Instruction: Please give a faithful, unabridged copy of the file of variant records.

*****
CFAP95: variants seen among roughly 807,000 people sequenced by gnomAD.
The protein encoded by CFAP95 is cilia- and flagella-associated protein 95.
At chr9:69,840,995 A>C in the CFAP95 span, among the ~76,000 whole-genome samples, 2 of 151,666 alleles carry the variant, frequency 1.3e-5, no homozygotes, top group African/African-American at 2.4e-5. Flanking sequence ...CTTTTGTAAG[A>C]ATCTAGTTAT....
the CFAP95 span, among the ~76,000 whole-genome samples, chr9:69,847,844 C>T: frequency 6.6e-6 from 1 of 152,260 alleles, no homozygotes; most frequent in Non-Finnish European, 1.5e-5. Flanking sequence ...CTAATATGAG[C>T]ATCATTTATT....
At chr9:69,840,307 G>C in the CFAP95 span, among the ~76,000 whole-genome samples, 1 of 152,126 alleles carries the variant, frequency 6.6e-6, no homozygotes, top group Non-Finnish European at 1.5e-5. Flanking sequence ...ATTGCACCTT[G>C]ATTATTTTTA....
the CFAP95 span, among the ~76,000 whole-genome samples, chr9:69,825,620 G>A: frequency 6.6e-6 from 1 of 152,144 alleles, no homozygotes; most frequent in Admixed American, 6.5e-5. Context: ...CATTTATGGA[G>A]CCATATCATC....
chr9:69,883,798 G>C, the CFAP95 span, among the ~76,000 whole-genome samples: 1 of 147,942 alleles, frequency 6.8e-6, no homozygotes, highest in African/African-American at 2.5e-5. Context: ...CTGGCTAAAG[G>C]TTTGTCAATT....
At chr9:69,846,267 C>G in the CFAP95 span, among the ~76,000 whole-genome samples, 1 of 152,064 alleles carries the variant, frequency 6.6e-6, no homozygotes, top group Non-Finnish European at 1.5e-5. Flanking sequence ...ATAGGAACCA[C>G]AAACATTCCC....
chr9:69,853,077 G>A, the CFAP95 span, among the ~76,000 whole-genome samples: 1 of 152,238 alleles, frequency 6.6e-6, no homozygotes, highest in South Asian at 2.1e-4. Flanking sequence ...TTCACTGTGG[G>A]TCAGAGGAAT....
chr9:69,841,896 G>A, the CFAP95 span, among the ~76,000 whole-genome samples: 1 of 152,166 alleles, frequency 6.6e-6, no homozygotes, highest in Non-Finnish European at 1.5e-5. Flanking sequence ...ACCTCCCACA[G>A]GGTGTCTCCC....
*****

CFAP95: variants seen among roughly 807,000 people sequenced by gnomAD.
The protein encoded by CFAP95 is cilia- and flagella-associated protein 95.
At chr9:69,840,995 A>C in the CFAP95 span, among the ~76,000 whole-genome samples, 2 of 151,666 alleles carry the variant, frequency 1.3e-5, no homozygotes, top group African/African-American at 2.4e-5. Flanking sequence ...CTTTTGTAAG[A>C]ATCTAGTTAT....
the CFAP95 span, among the ~76,000 whole-genome samples, chr9:69,847,844 C>T: frequency 6.6e-6 from 1 of 152,260 alleles, no homozygotes; most frequent in Non-Finnish European, 1.5e-5. Flanking sequence ...CTAATATGAG[C>T]ATCATTTATT....
At chr9:69,840,307 G>C in the CFAP95 span, among the ~76,000 whole-genome samples, 1 of 152,126 alleles carries the variant, frequency 6.6e-6, no homozygotes, top group Non-Finnish European at 1.5e-5. Flanking sequence ...ATTGCACCTT[G>C]ATTATTTTTA....
the CFAP95 span, among the ~76,000 whole-genome samples, chr9:69,825,620 G>A: frequency 6.6e-6 from 1 of 152,144 alleles, no homozygotes; most frequent in Admixed American, 6.5e-5. Context: ...CATTTATGGA[G>A]CCATATCATC....
chr9:69,883,798 G>C, the CFAP95 span, among the ~76,000 whole-genome samples: 1 of 147,942 alleles, frequency 6.8e-6, no homozygotes, highest in African/African-American at 2.5e-5. Context: ...CTGGCTAAAG[G>C]TTTGTCAATT....
At chr9:69,846,267 C>G in the CFAP95 span, among the ~76,000 whole-genome samples, 1 of 152,064 alleles carries the variant, frequency 6.6e-6, no homozygotes, top group Non-Finnish European at 1.5e-5. Flanking sequence ...ATAGGAACCA[C>G]AAACATTCCC....
chr9:69,853,077 G>A, the CFAP95 span, among the ~76,000 whole-genome samples: 1 of 152,238 alleles, frequency 6.6e-6, no homozygotes, highest in South Asian at 2.1e-4. Flanking sequence ...TTCACTGTGG[G>A]TCAGAGGAAT....
chr9:69,841,896 G>A, the CFAP95 span, among the ~76,000 whole-genome samples: 1 of 152,166 alleles, frequency 6.6e-6, no homozygotes, highest in Non-Finnish European at 1.5e-5. Flanking sequence ...ACCTCCCACA[G>A]GGTGTCTCCC....